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Airborne-Pseudolite (A-PL) systems have been proposed to augment Global Navigation Satellite Systems (GNSSs) in difficult areas where GNSS-only navigation cannot be guaranteed due to signal blockages, signal jamming, etc. One of the challenges in realising such a system is to determine the coordinates of the A-PLs to a high accuracy. The GNSS Precise Point Positioning (PPP) technique is a possible alternative to differential GNSS techniques such as those that generate Real-Time Kinematic (RTK) solutions. To enhance the A-PL positioning performance in GNSS challenged areas, it is assumed that inter-PL range measurements are also used in addition to GNSS measurements. When processing these new measurements, cross-correlations among A-PL estimated states introduced during measurement updates need to be accounted for so as to obtain consistent estimated states. In this paper, a distributed algorithm based on a Split Covariance Intersection Filter (SCIF) is proposed. Three commonly used means of implementing the SCIF algorithm are analysed. Another challenge is that real-time GNSS PPP relies on the use of precise satellite orbit and clock information. One problem is that these real-time orbit and satellite clock error corrections may not be always available, especially for moving A-PLs in challenging environments when signal outages occur. To maintain A-PL positioning accuracy using GNSS PPP, it is necessary to predict these error corrections during outages. Different prediction models for orbit and clock error corrections are discussed. A test was conducted to evaluate the A-PL positioning based on GNSS PPP and inter-PL ranges, as well as the performance of error prediction modelling. It was found that GNSS PPP combined with inter-PL ranges could achieve better converged positioning accuracy and a reduction in convergence time of GNSS PPP. However, the performance of GNSS PPP with inter-PL ranges was degraded by observing A-PLs with limited positioning accuracy. Although the performance improvement achieved by the SCIF-based distributed algorithms was smaller than that by the centralised algorithm, greater robustness in dealing with deteriorated observed A-PLs' trajectory data was demonstrated by the distributed algorithms. In addition, short-term prediction models were analysed, and their performance was shown to reduce the effect of error correction outages on A-PL positioning accuracy.
We describe an integrated navigation system based on Global Navigation Satellite Systems (GNSS), an Inertial Navigation System (INS) and terrestrial ranging technologies that can support accurate and seamless indoor-outdoor positioning. To overcome severe multipath disturbance in indoor environments, Locata technology is used in this navigation system. Such a “Locata-augmented” navigation system can operate in different positioning modes in both indoor and outdoor environments. In environments where GNSS is unavailable, e.g. indoors, the proposed system is designed to operate in the Locata/INS “loosely-integrated” mode. On the other hand, in outdoor environments, all GNSS, Locata and INS measurements are available, and all useful information can be fused via a decentralised Federated Kalman filter. To evaluate the proposed system for seamless indoor-outdoor positioning, an indoor-outdoor test was conducted at a metal-clad warehouse. The test results confirmed that the proposed navigation system can provide continuous and reliable position and attitude solutions, with the positioning accuracy being better than five centimetres.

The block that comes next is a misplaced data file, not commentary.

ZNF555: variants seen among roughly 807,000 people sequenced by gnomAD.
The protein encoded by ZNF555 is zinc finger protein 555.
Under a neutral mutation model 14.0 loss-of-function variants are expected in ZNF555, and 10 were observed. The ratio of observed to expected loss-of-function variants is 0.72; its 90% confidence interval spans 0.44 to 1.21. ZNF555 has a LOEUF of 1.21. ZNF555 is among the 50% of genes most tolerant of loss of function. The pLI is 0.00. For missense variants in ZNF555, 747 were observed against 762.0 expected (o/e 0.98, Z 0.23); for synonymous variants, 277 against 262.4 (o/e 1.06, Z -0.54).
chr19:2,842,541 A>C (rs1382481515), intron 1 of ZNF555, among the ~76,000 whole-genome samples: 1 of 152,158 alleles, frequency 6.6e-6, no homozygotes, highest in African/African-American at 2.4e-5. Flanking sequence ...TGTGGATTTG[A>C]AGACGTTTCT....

The Japanese Quasi-Zenith Satellite System (QZSS) is a regional satellite navigation system capable of transmitting navigation signals that are compatible and interoperable with other Global Navigation Satellite Systems (GNSS). In addition to navigation signals, QZSS also transmits augmentation signals, e.g. the L-band Experimental (LEX) signal. The LEX signal is unique for QZSS in delivering correction messages such as orbits and clock information that enable real-time Precise Point Positioning (PPP). This study aims to evaluate the availability of the LEX signal as well as the quality of the broadcast correction messages for real-time PPP applications. The system is tested in both static and kinematic positioning modes. The results show that the availability of the LEX signal is 60% when the QZSS satellite elevation is at 30° and above 90% when the satellite is above 40° elevation. Centimetre-level position accuracy can be obtained for static PPP processing after two hours of convergence using the current MADOCA-LEX (Multi-GNSS Advanced Demonstration of Orbit and Clock Analysis) correction messages transmitted on the LEX signal; and decimetre-level point positioning accuracy can be obtained for kinematic PPP processing.
To meet the accuracy, integrity, continuity and availability required for many navigation applications the Locata technology can provide an alternative to satellite-based navigation in difficult Global Navigation Satellite System (GNSS) signal environments, especially for applications in port areas and in constricted waterways. Unlike GNSS constellations, a LocataNet – a local constellation of LocataLites – can be designed specifically for different environments to avoid signal blockages, interference or poor geometry. By using Locata technology, the optimal performance within particular areas can always be guaranteed. This paper demonstrates the influence of LocataNet configuration on the reliability and integrity of the Locata positioning system. The performance of the Locata system is investigated using the Receiver Autonomous Integrity Monitoring (RAIM) concept. Fault Detection and Exclusion (FDE) algorithm performance is validated through the computation of the Dilution of Precision (DOP), the Horizontal Protection Level (HPL) and the correlation coefficient between two failure modes that can indicate the quality of fault identification. The experimental analysis shows that a good configuration of LocataLites will enhance the accuracy and reliability of the navigation system.